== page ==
In Adams, three appellants each claimed compensation following the quashing of their convictions for murder by the Court of Appeal. The question of eligibility for compensation in these circumstances has long vexed the courts. Under S.133 of the 1988 Criminal Justice Act, compensation must be paid when someone has a criminal conviction overturned, or is pardoned because a new or newly discovered fact shows “beyond reasonable doubt” that there has been a miscarriage of justice. In this appeal each of the appellants had their claim refused on the ground that they had not shown that they were innocent of the original offence.
The core question before the Court was the extent to which proof of innocence was the test of entitlement to compensation. The primary object of the provision in the 1988 Act, which itself is based on the fair trial provisions in the International Covenant on Civil and Political Rights (ICCPR Article 14(6)), was clearly to compensate a person who had been convicted and punished for a crime which he did not commit. A subsidiary objective was not to compensate someone who had in fact committed the crime.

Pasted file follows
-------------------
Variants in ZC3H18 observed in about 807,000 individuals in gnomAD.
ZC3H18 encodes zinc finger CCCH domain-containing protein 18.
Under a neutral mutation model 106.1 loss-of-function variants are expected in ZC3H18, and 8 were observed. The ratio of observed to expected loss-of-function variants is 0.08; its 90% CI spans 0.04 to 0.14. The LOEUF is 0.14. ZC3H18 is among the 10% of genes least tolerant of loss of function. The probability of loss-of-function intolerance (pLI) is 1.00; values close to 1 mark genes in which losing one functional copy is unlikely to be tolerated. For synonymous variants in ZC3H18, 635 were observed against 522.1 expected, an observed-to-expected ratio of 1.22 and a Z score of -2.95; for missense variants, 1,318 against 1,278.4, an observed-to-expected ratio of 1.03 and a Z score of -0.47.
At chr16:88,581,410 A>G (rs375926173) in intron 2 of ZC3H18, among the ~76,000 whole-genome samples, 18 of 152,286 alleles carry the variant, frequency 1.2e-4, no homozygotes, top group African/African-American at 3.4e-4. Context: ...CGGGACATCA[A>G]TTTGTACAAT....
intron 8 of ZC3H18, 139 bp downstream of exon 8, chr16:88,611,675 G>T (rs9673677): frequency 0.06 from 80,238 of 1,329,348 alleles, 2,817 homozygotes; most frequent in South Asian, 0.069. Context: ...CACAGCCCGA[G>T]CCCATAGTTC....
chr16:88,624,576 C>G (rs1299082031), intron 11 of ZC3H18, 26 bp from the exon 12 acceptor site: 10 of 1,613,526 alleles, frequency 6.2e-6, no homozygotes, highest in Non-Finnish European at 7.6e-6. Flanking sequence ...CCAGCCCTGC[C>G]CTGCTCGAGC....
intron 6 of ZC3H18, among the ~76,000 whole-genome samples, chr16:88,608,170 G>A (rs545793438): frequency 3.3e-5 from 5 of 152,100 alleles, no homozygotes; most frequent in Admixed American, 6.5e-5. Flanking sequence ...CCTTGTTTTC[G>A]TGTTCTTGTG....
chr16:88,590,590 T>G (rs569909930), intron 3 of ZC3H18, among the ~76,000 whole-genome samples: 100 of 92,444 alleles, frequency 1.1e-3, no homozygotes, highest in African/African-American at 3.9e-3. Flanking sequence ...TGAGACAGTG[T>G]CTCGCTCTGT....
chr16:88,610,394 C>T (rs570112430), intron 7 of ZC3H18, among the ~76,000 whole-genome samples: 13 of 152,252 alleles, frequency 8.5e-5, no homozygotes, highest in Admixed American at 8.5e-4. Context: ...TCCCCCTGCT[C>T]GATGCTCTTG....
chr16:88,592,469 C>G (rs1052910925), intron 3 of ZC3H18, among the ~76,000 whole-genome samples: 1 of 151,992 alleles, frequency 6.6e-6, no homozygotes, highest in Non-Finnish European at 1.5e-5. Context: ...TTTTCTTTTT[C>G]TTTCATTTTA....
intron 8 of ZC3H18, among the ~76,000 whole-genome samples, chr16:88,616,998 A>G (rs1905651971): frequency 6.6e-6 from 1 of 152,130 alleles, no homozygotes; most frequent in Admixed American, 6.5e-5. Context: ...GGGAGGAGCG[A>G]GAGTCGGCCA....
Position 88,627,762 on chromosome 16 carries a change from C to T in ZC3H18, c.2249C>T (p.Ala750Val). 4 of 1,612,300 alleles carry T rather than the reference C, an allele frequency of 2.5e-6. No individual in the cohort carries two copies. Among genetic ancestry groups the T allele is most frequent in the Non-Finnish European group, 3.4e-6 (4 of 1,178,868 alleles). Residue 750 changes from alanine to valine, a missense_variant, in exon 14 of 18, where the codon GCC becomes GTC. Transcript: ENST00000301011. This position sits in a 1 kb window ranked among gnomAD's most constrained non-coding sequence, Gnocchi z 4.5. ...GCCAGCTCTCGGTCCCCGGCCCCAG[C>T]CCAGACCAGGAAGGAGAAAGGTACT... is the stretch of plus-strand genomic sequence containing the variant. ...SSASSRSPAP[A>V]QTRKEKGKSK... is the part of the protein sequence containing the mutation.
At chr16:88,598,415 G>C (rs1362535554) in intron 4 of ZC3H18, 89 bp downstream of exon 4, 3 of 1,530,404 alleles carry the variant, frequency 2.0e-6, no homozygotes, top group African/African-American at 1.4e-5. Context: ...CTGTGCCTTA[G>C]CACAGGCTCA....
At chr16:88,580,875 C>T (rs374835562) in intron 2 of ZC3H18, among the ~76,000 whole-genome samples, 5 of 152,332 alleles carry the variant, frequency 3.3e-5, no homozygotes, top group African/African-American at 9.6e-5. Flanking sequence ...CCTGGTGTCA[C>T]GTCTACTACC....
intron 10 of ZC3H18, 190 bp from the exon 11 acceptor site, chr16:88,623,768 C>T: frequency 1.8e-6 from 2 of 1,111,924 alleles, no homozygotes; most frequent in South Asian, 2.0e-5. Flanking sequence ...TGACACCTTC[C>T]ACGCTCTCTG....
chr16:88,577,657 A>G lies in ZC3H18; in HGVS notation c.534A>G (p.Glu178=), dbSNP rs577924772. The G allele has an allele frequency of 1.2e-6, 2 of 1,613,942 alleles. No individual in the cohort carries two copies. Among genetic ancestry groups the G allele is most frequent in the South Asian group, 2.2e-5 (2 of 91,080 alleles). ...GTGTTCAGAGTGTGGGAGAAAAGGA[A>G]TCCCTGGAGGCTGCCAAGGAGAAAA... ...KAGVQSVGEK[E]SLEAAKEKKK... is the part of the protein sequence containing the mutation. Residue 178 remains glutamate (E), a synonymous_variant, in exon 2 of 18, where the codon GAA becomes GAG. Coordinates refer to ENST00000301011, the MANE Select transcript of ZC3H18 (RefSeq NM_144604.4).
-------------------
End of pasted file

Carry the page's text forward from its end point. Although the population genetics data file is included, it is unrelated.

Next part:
The problem with achieving both objects is that the quashing of a conviction does not of itself prove that the person whose conviction has been quashed did not commit the crime of which he was convicted. Thus it is not satisfactory to make the mere quashing of a conviction the trigger for the payment of compensation.
Surprisingly this nettle has only really been grasped once before, by the House of Lords seven years ago in R (Mullen) v Secretary of State for the Home Department, where the question whether the abuse of process in getting the defendant deported from Zimbabwe to trial in the UK rendered his conviction so unsafe as to qualify him for compensation for miscarriage of justice. The meaning and effect of “miscarriage of justice” in section 133 produced contradictory opinions with no authoritative decision, leaving the Supreme Court to choose between the following alternatives: